The changing international tax landscape is a positive for Ireland. It is requiring companies to earn their profits where they have substantial operations. This is reducing the attractiveness of Caribbean tax havens and also reducing the attractiveness of countries who agree tax liabilities based on a ruling. It is enhancing the attractiveness of Ireland which offers a low corporate rate and the ability to set up substantial operations here."

Talent: Irish organisations lag global counterparts in a number of key areas

  • The survey suggests that Irish organisations (62%) lag their global counterparts (78%) where changing people strategies to reflect future skills needs are concerned. Under half (43%) are rethinking their HR strategy compared to 60% globally;

  • Less than a quarter (24%) are focusing on the pipeline of leaders for tomorrow, down from 42% last year.


  • Irish business leaders reported the top change to their talent strategies to be workplace culture and behaviours (64%), up from 53% last year;


  • Nearly three-quarters (73%) of Irish respondents confirm that they promote talent and inclusiveness, but just over one in ten (11%) are planning to change their strategies around diversity and inclusion.


Gerard McDonough, Director, People & Organisation, PwC, commented: "Concerns around the lack of key skills in Ireland have been very high for the last five years and have outpaced global concerns. But the survey suggests that the most valued skills are shifting towards the 'soft' human capabilities such as adaptability, creativity, innovation and emotional intelligence. At the same time, less than a third (31%) is considering the impact of automation/robotics on the future skills needs compared to 39% globally. Getting talent management strategies right in an increasingly digitised world, where humans and machines work alongside each other, may be the biggest challenge leaders will ever face."

The challenge of establishing and maintaining trust in the digital era

Business trust continues to be central to the CEO agenda and nearly half (48%) of Irish CEOs believe that the lack of trust in business is a threat to growth. This is getting more challenging in the digital era and nearly two-thirds of Irish CEOs (61%) confirm that in an increasingly digitised world it's harder for business to establish and maintain trust. Global CEOs admit to finding it even more challenging (69%).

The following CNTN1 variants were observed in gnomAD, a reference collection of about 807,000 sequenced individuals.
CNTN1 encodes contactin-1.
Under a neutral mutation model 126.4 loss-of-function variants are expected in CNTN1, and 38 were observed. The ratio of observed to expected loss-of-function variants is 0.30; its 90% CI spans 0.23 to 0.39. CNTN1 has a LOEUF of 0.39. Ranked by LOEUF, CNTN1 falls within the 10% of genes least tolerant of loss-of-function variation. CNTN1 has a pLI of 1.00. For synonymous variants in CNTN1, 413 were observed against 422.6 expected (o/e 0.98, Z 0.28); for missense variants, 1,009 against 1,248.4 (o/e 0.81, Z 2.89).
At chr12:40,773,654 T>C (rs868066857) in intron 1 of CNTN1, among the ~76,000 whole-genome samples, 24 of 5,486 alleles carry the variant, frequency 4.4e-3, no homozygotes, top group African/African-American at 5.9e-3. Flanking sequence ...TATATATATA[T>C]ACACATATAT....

Other key findings on business trust and technology include:

  • Just over one in two (52%) Irish CEOs believe that how they manage and protect people's data will differentiate them (64% globally);


  • Data analytics is seen as the emerging technology that will have the greatest opportunity for their organisation followed by the Internet of Things and Artificial Intelligence.


  • 76% believe that technology will significantly change competition in their industry in the next five years.


  • The survey suggests that Irish CEOs are less digitally savvy than their global peers, for example, 38% of Irish respondents reported to be active on social media compared to 43% globally.


Ciaran Kelly, Advisory Leader, PwC Ireland, said: "The survey highlights that while Irish CEOs accept that trust is critical, they are, worryingly, less concerned than global peers about how a number of key potential disruptors such as data breaches, IT outages and artificial intelligence will impact on stakeholder trust levels in the next five years.

"The survey further suggests that Irish organisations are not addressing these key disruptors to the same extent as their global peers, for example, the survey suggests that 40% of Irish CEOs are not seriously addressing cyber security breaches affecting business information or critical systems. CEOs need to recognise that trust can be easily destroyed in a digital era and they cannot deny the unstoppable progress of digital that continues to infiltrate our personal and business lives."  

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Notes to editor:

About the survey.

The survey was carried out in Spring/Summer 2017 amongst Irish CEOs having over 200 participants across all industry sectors.